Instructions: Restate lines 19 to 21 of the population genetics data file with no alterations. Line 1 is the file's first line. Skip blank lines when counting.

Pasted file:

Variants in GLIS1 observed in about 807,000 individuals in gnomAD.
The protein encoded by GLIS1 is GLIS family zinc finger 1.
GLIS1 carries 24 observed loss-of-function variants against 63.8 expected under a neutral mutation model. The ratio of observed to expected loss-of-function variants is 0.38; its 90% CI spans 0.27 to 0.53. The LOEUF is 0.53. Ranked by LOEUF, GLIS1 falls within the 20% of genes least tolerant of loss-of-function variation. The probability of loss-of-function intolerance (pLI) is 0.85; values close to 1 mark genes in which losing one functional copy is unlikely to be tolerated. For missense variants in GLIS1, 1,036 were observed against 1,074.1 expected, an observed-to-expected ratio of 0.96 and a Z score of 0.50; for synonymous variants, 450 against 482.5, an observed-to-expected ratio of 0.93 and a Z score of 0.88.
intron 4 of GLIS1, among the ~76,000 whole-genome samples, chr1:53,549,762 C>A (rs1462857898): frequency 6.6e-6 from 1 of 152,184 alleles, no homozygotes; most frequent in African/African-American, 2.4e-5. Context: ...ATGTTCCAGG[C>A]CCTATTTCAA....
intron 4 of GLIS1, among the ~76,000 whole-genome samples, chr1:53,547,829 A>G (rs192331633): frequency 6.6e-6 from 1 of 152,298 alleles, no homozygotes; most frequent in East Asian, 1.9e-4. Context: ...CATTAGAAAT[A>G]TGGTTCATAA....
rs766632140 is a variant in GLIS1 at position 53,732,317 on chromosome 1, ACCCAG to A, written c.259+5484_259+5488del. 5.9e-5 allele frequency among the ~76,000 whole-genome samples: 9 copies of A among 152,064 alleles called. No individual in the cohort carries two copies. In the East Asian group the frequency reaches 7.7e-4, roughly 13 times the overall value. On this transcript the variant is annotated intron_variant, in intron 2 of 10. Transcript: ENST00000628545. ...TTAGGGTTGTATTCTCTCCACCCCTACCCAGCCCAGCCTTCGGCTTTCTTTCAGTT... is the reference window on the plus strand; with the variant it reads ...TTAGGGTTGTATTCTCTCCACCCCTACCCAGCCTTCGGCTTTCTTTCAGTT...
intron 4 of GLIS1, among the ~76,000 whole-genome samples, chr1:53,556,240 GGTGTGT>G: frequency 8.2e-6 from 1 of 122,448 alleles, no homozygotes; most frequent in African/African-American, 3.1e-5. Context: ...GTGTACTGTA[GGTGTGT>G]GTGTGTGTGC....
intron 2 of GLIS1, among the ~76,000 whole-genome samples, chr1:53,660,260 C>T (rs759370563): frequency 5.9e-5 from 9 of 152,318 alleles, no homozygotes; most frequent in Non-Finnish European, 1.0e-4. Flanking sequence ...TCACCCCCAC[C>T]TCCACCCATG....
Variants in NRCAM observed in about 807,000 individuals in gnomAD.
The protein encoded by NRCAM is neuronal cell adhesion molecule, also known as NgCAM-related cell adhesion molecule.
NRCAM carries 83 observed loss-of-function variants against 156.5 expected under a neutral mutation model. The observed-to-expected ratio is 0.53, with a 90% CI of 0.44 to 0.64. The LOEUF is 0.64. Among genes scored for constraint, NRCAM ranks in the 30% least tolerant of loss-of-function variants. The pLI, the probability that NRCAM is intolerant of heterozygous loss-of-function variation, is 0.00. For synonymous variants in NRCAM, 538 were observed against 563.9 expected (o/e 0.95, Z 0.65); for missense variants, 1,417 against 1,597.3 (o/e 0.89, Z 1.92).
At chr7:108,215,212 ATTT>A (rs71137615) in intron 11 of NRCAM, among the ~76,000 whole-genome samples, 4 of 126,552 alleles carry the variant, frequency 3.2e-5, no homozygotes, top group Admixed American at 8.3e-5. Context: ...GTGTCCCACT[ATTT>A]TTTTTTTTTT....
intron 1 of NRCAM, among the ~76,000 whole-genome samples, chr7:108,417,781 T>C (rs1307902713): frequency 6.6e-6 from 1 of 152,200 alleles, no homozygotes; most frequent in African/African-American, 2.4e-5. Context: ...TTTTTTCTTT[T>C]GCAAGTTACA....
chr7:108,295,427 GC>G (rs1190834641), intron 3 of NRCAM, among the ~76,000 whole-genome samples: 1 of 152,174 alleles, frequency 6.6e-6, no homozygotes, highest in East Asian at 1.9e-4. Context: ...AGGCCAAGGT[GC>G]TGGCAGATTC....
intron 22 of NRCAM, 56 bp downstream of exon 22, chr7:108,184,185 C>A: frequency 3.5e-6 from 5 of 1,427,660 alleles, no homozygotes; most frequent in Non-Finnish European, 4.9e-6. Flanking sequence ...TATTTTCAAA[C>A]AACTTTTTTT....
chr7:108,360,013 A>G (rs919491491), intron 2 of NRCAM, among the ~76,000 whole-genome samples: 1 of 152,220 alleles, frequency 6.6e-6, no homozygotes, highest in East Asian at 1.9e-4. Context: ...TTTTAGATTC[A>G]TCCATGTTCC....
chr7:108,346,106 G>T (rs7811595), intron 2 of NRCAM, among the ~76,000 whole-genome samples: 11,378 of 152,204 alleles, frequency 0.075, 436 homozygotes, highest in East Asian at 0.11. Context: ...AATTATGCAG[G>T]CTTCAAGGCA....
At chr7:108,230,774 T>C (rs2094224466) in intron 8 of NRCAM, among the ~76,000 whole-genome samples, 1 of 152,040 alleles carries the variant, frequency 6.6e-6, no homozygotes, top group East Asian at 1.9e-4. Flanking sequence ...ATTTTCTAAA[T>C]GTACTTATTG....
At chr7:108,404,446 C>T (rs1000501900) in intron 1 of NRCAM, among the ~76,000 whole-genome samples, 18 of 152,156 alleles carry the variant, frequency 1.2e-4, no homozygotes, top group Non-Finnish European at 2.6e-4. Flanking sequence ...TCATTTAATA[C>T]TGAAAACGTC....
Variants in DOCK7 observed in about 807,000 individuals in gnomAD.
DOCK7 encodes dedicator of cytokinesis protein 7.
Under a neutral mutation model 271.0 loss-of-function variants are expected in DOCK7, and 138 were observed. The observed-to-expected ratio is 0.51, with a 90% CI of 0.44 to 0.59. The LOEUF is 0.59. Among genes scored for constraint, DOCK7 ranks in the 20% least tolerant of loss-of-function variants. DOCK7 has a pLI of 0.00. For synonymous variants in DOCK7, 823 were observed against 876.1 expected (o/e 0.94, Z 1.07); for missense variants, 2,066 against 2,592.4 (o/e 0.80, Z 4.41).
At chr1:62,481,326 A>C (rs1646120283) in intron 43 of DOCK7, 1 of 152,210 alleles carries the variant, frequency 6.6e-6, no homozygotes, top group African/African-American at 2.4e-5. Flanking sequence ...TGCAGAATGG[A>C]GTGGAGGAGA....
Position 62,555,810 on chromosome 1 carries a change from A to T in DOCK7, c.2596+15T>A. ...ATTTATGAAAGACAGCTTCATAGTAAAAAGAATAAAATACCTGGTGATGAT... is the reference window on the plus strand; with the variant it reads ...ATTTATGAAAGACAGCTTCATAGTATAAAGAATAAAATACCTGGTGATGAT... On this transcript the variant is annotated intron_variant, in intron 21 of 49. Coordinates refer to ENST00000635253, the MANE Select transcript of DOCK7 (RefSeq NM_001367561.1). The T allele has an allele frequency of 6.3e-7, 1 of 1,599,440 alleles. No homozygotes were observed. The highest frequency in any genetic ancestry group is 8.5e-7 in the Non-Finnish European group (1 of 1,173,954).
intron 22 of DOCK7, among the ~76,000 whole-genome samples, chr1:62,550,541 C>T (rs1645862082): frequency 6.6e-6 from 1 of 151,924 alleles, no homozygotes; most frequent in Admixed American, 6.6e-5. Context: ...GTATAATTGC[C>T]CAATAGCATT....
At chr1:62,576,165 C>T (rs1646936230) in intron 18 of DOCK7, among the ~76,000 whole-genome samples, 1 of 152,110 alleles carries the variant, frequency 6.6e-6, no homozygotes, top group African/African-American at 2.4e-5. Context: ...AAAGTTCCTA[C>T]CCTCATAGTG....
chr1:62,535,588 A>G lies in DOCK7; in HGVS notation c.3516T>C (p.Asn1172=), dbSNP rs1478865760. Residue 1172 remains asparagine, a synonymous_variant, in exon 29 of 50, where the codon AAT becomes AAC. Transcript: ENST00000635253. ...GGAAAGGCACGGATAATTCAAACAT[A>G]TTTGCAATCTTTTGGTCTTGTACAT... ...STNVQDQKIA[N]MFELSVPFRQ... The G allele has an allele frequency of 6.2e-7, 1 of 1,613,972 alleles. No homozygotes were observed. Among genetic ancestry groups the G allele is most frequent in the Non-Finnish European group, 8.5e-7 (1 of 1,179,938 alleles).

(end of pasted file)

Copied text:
At chr7:108,404,446 C>T (rs1000501900) in intron 1 of NRCAM, among the ~76,000 whole-genome samples, 18 of 152,156 alleles carry the variant, frequency 1.2e-4, no homozygotes, top group Non-Finnish European at 2.6e-4. Flanking sequence ...TCATTTAATA[C>T]TGAAAACGTC....
Variants in DOCK7 observed in about 807,000 individuals in gnomAD.
DOCK7 encodes dedicator of cytokinesis protein 7.